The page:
In a historic election, the Rev. Sharma Lewis of the North Georgia Annual Conference was been elected bishop by the Southeastern Jurisdiction of The United Methodist Church.
She was elected on the first ballot at the jurisdiction's quadrennial meeting at Lake Junaluska, North Carolina.
Lewis is the first African-American woman elected bishop in the Southeastern Jurisdiction.
"I was called by God and I made myself available, not just to a position, but to follow God's will," said Lewis. "I am excited, and I am really humbled. At 52 years old, I am excited that my next phase of life will be as an episcopal leader.I am humbled to the fact that this is historic."
Lewis was the first bishop elected by the 376 delegates, an equal number of United Methodist clergy and laity, from the nine states that form the Southeastern Jurisdiction. Later in the week, the Southeastern Jurisdiction will announce the assignment of bishops for the next four years. Her four-year term of service begins Sept. 1.
Lewis is the first African-American woman elected as a bishop in the denomination since 2000. The first ever African-American female bishop in The United Methodist Church, Bishop Leontine Kelly, was from the Virginia Conference but was elected in 1984 by the church's Western Jurisdiction.
Addressing the conference, Lewis named Kelly, along with each of the U.S. African-American female bishops elected by The United Methodist Church and each of the women elected bishop in the Southeastern Jurisdiction.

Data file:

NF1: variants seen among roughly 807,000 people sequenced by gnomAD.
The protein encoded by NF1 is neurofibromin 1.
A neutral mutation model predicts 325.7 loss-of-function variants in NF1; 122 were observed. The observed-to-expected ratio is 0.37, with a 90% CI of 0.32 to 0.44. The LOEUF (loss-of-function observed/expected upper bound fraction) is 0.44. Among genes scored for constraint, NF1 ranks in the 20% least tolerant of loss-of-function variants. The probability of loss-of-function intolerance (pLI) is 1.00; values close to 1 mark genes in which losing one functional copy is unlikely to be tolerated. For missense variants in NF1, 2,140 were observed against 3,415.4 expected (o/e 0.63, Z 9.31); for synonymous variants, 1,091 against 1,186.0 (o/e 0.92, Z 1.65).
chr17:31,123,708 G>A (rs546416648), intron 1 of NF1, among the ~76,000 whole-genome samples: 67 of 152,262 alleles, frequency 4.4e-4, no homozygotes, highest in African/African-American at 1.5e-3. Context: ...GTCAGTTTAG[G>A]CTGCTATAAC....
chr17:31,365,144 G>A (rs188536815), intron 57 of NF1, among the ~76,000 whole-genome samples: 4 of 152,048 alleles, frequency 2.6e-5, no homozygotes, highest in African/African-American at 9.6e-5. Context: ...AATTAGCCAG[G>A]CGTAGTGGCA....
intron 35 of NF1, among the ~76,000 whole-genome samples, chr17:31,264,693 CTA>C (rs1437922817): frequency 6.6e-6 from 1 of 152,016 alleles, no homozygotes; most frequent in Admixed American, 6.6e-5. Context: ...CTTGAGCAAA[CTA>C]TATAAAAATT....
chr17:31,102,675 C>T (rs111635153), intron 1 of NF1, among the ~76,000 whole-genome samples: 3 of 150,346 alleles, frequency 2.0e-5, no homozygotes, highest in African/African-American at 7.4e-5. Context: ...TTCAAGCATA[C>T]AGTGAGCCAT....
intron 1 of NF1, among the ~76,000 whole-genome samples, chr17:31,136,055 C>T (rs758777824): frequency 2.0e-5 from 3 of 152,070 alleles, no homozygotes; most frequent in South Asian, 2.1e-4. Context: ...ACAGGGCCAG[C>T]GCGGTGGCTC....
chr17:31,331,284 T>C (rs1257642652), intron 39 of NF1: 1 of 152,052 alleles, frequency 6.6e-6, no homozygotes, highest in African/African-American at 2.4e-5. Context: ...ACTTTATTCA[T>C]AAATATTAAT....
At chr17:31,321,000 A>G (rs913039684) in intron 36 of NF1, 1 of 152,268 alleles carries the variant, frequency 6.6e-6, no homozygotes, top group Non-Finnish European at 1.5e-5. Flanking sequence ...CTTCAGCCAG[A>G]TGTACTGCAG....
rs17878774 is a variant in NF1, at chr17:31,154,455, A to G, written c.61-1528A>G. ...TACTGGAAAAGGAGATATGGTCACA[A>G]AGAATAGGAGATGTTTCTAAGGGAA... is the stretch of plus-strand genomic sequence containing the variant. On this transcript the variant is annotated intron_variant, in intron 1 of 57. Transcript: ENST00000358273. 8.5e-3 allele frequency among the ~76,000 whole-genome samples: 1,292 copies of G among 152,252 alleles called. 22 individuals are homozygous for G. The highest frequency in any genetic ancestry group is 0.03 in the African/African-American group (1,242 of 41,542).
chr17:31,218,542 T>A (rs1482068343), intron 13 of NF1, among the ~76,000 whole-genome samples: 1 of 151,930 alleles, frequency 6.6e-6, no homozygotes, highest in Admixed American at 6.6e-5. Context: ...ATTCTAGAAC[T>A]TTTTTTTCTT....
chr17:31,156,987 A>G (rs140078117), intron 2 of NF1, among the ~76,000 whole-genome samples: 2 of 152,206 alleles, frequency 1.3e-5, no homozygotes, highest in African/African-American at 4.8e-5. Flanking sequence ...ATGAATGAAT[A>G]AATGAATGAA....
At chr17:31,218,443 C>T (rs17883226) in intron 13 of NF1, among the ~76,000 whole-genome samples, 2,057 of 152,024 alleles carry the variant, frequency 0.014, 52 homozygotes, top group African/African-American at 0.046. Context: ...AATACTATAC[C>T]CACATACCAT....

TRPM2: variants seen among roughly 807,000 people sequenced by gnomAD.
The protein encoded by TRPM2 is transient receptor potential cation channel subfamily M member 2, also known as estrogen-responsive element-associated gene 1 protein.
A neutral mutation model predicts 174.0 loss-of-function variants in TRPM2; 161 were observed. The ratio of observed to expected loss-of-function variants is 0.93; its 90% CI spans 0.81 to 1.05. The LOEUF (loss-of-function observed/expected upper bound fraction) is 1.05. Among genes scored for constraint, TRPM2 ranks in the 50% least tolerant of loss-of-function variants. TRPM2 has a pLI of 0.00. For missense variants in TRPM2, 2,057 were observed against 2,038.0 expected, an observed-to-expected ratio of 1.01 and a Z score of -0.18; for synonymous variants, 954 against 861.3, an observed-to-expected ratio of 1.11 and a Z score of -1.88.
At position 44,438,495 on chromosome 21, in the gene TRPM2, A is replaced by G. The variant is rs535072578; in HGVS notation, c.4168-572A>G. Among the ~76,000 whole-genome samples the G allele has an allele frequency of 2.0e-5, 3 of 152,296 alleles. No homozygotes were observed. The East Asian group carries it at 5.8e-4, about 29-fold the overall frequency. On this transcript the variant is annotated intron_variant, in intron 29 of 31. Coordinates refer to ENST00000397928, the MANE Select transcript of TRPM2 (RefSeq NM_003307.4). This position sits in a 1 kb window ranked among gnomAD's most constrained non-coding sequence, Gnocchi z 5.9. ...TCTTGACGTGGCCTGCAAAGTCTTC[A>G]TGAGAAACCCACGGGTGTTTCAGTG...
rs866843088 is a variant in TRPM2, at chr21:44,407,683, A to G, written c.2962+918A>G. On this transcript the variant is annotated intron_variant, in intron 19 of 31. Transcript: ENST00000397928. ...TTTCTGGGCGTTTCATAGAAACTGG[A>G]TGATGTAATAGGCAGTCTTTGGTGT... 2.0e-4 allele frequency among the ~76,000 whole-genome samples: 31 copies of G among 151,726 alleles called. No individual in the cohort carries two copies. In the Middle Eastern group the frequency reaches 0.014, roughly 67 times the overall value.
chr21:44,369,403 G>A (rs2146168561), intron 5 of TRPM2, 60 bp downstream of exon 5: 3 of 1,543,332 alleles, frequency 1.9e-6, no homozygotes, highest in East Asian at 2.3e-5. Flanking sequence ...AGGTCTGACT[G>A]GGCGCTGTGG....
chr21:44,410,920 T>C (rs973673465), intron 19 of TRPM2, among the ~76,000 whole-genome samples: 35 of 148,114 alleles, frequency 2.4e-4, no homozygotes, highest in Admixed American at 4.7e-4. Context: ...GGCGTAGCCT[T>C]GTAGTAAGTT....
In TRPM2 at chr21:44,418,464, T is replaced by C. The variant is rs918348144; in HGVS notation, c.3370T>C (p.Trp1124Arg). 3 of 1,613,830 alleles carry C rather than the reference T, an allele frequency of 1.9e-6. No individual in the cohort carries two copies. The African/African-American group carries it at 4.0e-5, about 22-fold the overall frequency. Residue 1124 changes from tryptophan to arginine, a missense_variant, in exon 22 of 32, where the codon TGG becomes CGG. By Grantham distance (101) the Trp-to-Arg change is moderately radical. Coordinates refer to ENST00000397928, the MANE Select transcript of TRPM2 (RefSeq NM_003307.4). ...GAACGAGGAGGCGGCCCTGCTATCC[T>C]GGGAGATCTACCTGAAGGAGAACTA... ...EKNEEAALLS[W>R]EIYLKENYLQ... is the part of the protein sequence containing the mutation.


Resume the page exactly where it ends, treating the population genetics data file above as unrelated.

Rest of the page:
"The reason I'm calling the roll is because I know that those women broke the ceiling for me to stand here today," she said.
Currently serving as district superintendent of the Atlanta-Decatur-Oxford District, Lewis is a native of Statesboro in the South Georgia Conference and a life-long United Methodist.
She is a graduate of Mercer University and the University of West Georgia, with bachelor's and master's degrees in biology, and worked as a biologist in the academic and corporate sectors. After answering the call to ministry, she entered Gammon Theological Seminary in Atlanta, where she earned the Master of Divinity with honors.
"I have an evangelistic heart, I just feel that people need Jesus. And I hope that's what I bring to the Council of Bishops," said Lewis.
"My ministry has been blessed," she said, explaining that she has had the opportunity to serve at large churches, small churches, on the cabinet, and on a multi-staff.
Before being appointed district superintendent, Rev. Lewis served at Wesley Chapel United Methodist Church in McDonough, Powers Ferry United Methodist Church in Marietta and Ben Hill United Methodist Church in Atlanta.
Sybil Davidson, conference communicator, NG Conference
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